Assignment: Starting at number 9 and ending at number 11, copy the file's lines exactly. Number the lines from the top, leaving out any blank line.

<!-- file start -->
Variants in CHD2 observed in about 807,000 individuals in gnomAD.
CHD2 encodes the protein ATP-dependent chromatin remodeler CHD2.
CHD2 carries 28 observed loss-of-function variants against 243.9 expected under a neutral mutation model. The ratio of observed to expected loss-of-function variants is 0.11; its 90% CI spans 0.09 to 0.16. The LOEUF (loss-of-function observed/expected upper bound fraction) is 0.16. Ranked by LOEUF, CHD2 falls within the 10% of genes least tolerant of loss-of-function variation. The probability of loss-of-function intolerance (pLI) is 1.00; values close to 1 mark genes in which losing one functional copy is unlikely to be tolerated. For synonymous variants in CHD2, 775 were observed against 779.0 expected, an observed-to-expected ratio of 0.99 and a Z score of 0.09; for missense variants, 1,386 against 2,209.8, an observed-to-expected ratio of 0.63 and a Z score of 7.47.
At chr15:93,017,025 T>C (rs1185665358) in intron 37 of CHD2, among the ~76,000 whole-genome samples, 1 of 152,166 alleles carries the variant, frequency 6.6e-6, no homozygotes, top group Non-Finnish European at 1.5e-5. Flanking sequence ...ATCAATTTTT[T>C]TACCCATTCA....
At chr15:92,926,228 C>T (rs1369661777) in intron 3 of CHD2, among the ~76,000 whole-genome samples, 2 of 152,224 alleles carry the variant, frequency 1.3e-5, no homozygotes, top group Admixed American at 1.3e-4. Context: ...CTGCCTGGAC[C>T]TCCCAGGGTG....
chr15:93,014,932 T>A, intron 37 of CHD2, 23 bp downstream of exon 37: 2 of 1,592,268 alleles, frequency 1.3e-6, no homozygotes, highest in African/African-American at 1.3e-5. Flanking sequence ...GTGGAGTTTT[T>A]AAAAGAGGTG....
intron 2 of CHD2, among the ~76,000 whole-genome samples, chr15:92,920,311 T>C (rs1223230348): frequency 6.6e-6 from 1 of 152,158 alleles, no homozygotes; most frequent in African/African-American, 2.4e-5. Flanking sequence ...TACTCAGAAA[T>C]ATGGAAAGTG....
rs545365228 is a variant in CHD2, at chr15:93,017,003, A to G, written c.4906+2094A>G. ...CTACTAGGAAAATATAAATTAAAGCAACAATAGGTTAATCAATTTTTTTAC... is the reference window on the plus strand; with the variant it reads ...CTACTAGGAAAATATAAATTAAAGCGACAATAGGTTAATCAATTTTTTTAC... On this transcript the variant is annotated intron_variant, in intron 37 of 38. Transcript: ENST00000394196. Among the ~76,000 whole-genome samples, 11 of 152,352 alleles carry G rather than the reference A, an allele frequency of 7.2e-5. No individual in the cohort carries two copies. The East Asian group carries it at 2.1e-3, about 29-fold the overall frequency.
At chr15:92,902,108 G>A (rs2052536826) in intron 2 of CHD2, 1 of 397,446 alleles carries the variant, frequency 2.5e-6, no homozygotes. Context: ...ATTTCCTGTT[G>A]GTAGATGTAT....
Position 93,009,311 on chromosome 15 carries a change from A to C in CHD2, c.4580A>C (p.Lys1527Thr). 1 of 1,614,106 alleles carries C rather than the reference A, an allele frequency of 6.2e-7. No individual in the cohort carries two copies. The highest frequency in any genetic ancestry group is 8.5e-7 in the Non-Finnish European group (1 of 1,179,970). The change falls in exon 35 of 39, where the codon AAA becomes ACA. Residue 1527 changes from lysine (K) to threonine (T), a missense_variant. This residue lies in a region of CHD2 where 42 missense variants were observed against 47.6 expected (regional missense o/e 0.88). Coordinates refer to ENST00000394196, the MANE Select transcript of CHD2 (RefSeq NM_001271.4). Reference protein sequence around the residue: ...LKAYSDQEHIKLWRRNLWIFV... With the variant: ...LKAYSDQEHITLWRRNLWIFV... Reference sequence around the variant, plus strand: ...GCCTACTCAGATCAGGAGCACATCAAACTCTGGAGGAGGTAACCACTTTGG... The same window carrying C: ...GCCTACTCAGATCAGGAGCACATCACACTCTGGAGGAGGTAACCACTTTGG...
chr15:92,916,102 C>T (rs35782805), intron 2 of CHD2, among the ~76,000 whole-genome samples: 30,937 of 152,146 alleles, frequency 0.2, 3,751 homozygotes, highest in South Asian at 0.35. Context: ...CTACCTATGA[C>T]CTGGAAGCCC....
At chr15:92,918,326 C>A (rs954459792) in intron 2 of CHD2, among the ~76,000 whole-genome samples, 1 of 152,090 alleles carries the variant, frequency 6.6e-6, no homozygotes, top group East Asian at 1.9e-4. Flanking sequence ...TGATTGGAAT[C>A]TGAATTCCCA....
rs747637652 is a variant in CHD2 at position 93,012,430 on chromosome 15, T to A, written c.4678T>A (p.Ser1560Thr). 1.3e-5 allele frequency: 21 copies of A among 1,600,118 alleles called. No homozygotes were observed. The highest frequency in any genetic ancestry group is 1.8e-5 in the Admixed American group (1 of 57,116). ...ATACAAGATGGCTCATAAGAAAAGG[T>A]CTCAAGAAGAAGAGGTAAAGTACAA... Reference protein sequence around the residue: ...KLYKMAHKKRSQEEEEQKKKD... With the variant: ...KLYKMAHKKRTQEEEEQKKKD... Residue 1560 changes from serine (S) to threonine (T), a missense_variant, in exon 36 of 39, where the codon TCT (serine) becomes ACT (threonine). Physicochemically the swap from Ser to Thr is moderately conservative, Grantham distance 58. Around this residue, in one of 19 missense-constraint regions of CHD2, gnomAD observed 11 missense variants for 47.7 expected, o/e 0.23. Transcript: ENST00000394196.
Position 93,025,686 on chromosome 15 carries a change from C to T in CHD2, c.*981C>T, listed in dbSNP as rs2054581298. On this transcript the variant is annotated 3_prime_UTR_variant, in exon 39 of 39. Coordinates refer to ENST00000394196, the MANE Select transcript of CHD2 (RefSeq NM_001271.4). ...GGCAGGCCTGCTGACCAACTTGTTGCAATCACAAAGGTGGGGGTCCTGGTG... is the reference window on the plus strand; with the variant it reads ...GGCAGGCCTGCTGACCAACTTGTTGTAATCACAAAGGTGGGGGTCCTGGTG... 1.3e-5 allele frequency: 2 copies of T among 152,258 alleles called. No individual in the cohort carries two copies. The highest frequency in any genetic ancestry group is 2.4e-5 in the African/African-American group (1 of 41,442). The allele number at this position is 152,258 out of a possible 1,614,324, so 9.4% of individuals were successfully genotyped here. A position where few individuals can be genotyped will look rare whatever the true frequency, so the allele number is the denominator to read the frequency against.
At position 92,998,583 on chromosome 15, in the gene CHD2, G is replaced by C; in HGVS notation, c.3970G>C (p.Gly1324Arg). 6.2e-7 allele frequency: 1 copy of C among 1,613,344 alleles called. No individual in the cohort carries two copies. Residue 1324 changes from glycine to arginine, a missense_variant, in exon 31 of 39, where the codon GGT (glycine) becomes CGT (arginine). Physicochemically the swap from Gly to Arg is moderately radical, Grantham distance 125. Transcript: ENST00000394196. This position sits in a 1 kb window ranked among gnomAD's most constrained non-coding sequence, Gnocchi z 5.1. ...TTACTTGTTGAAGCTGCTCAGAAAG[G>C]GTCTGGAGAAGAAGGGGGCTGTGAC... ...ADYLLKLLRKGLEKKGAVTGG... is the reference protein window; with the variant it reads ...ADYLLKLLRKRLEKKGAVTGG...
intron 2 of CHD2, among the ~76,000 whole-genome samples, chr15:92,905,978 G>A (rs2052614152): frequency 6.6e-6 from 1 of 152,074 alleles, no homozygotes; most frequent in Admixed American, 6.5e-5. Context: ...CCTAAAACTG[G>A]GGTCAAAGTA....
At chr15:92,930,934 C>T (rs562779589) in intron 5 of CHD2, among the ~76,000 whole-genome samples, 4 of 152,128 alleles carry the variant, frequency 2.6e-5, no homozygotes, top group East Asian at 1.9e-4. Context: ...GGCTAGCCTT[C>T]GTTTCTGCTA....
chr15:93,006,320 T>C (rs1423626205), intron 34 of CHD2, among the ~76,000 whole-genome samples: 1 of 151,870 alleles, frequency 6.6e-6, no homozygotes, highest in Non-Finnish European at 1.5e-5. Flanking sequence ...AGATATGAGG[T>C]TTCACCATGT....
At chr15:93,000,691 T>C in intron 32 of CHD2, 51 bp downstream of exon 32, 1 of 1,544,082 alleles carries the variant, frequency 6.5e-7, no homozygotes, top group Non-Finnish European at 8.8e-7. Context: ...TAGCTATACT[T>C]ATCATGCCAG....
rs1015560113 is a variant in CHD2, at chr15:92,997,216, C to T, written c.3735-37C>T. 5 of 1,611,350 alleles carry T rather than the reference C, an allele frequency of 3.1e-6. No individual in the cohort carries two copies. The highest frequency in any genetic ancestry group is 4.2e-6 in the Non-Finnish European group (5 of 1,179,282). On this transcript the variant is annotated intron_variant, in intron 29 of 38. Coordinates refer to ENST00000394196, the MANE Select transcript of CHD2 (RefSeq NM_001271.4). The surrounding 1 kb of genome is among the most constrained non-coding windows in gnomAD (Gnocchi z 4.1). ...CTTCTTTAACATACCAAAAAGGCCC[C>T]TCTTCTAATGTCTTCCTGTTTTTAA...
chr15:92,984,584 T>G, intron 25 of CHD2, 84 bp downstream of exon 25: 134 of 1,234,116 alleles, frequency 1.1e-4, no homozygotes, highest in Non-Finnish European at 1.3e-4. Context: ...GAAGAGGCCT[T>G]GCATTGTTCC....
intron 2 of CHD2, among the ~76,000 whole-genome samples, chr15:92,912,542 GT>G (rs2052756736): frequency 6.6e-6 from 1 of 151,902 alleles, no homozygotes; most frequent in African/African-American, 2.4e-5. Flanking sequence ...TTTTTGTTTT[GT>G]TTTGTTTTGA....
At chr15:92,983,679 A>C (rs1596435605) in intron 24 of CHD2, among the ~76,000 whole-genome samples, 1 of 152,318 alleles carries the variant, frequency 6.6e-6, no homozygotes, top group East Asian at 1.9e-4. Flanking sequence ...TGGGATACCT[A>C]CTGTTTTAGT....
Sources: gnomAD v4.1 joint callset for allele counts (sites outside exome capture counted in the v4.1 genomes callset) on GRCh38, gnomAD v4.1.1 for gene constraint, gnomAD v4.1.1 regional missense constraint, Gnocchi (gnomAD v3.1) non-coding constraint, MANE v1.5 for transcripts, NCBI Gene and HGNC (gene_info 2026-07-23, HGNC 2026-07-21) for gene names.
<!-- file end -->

At chr15:92,902,108 G>A (rs2052536826) in intron 2 of CHD2, 1 of 397,446 alleles carries the variant, frequency 2.5e-6, no homozygotes. Context: ...ATTTCCTGTT[G>A]GTAGATGTAT....
Position 93,009,311 on chromosome 15 carries a change from A to C in CHD2, c.4580A>C (p.Lys1527Thr). 1 of 1,614,106 alleles carries C rather than the reference A, an allele frequency of 6.2e-7. No individual in the cohort carries two copies. The highest frequency in any genetic ancestry group is 8.5e-7 in the Non-Finnish European group (1 of 1,179,970). The change falls in exon 35 of 39, where the codon AAA becomes ACA. Residue 1527 changes from lysine (K) to threonine (T), a missense_variant. This residue lies in a region of CHD2 where 42 missense variants were observed against 47.6 expected (regional missense o/e 0.88). Coordinates refer to ENST00000394196, the MANE Select transcript of CHD2 (RefSeq NM_001271.4). Reference protein sequence around the residue: ...LKAYSDQEHIKLWRRNLWIFV... With the variant: ...LKAYSDQEHITLWRRNLWIFV... Reference sequence around the variant, plus strand: ...GCCTACTCAGATCAGGAGCACATCAAACTCTGGAGGAGGTAACCACTTTGG... The same window carrying C: ...GCCTACTCAGATCAGGAGCACATCACACTCTGGAGGAGGTAACCACTTTGG...
chr15:92,916,102 C>T (rs35782805), intron 2 of CHD2, among the ~76,000 whole-genome samples: 30,937 of 152,146 alleles, frequency 0.2, 3,751 homozygotes, highest in South Asian at 0.35. Context: ...CTACCTATGA[C>T]CTGGAAGCCC....